Lately I’ve been seeing emails promoting “Spring Black Friday,” and while I love a good made-up holiday as much as the next email marketer, I’m not sure I can get behind this one. Black Friday already seems to start earlier and earlier every fall, and now it’s creeping into my spring? If you’re looking for ways to beef up your promotional planning process without creating new holidays, here are four tips to get the ball rolling on creating your own reasons to send.
More than just what you did last year, look at what worked for you last year (you’re planning ahead so you don’t have to default to past ideas, remember?). Even if you want to freshen up the promotion a bit, keep in mind what timeframes were most profitable for you last year so you’re prepared to anniversary that revenue year over year. If you don’t have your previous year’s campaign neatly documented, that’s ok. It can be just as helpful to pull your team into a conference room and go through your inbox (because you receive and file all your brands’ emails, right?), and you’ll quickly identify the most memorable ones.
Start With Overarching Themes
Think about what each season or month means to your target audience. In the spring, are they getting ready for kids’ baseball and soccer games? Or are they more likely to be planting gardens, preparing for family graduations, or planning summer vacations? Choose overarching themes that speak to your audience’s lives outside your brand, and your messaging will already feel more relevant to them.
In this example from Bag, Borrow or Steal, the assumption is that customers are going through the process of spring cleaning and would therefore have items to sell. The subject line speaks directly to this (Spring Cleaning? Sell us your luxury goods!), and the email itself includes quick points for why you should sell your items to them.
Plug In Your Must Haves
These are the corporate events, holidays, annual promotional periods, etc. that are important to your brand. Don’t just think about the one day. Do you need communications or teases leading up to it? What about follow-ups? Can you ask for feedback? Maybe extend the promotion an extra day? You can get a whole week of marketing content and promotions out of just one event if you promote it right.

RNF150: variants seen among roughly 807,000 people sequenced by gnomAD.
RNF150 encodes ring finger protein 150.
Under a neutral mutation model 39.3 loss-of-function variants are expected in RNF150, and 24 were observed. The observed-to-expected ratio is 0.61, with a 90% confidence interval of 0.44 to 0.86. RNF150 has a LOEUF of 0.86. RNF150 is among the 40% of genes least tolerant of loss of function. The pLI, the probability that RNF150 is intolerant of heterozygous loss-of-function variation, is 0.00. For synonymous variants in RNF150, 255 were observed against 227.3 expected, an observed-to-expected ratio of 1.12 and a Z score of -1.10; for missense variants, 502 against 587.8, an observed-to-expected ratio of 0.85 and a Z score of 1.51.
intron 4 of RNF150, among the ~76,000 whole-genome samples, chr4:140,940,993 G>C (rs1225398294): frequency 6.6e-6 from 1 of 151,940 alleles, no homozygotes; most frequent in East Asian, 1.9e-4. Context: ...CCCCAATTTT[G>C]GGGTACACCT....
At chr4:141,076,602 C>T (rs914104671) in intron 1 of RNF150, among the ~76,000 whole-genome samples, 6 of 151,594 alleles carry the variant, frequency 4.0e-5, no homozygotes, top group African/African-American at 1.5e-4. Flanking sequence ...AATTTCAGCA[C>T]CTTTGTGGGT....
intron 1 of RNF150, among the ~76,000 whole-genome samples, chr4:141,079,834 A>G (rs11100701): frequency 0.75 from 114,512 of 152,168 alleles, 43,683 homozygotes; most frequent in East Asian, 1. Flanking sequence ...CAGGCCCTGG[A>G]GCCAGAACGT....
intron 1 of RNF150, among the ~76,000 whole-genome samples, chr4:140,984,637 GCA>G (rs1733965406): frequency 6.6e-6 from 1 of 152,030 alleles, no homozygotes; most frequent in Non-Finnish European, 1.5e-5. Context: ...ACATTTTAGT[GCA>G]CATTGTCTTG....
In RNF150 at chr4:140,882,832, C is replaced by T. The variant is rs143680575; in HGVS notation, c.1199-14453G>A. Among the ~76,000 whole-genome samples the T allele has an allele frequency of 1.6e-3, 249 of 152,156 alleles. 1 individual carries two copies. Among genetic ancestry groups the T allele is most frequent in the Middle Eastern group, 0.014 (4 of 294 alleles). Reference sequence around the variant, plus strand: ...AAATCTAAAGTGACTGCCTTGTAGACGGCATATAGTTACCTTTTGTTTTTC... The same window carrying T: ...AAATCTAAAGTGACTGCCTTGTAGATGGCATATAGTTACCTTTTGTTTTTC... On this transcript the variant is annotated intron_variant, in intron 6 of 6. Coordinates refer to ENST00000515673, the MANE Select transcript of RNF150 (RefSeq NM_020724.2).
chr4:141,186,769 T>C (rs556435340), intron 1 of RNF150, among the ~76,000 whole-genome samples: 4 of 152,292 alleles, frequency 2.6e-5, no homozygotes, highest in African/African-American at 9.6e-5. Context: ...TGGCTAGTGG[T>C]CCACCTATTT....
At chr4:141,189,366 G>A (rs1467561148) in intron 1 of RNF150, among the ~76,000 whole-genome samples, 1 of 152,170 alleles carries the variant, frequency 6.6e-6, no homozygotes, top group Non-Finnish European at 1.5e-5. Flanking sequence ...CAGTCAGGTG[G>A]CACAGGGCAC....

Brainstorm to Fill In The Gaps
This is the really fun part! There are a variety of resources available to help you surprise and delight subscribers throughout the year:
- Competitive research – we all receive promotional emails (and hopefully you’ve signed up for a few of your competitors to stay on top of the trends), and there are always those few that catch our attention enough to avoid the trash folder. Go through your personal inbox to see if any of those eye-catching promotions could be applied to your brand.
- Ask your colleagues – they might have their own ideas folder they’ve been holding onto, or even just a cool email they’ve seen recently. Expand your search outside the marketing department to gain a different perspective.
- Random holidays – while I’m still not sold on “Spring Black Friday,” there are a lot of fun “holidays” out there to provide an excuse to send. A quick online search of “silly holidays” will return everything from “Tweed Day” to “National Jelly Bean Day”, and you might even find one you can tie back to your brand.
It’s not quite as fun as “National Jelly Bean Day”, but Tax Day is a great example of creating a reason to send. In this Kansas City Steak Company email, they play off the idea of a tax deduction to position their offer “$15 off your purchase of $125 or more”. The subject line “A Tax Day Deduction Steak Aficionados Will Love” helps the offer stand out among standard “Save $15!” – type emails.
Even if you can’t walk through all four steps from beginning to end, even taking a few key points could get you headed in the right direction for upcoming promotional planning. So start brainstorming with your team, sign up for more emails (yes, more emails), and maybe buy one of those “holiday a day” calendars for your desk. After all, you wouldn’t want to miss “No Socks Day.”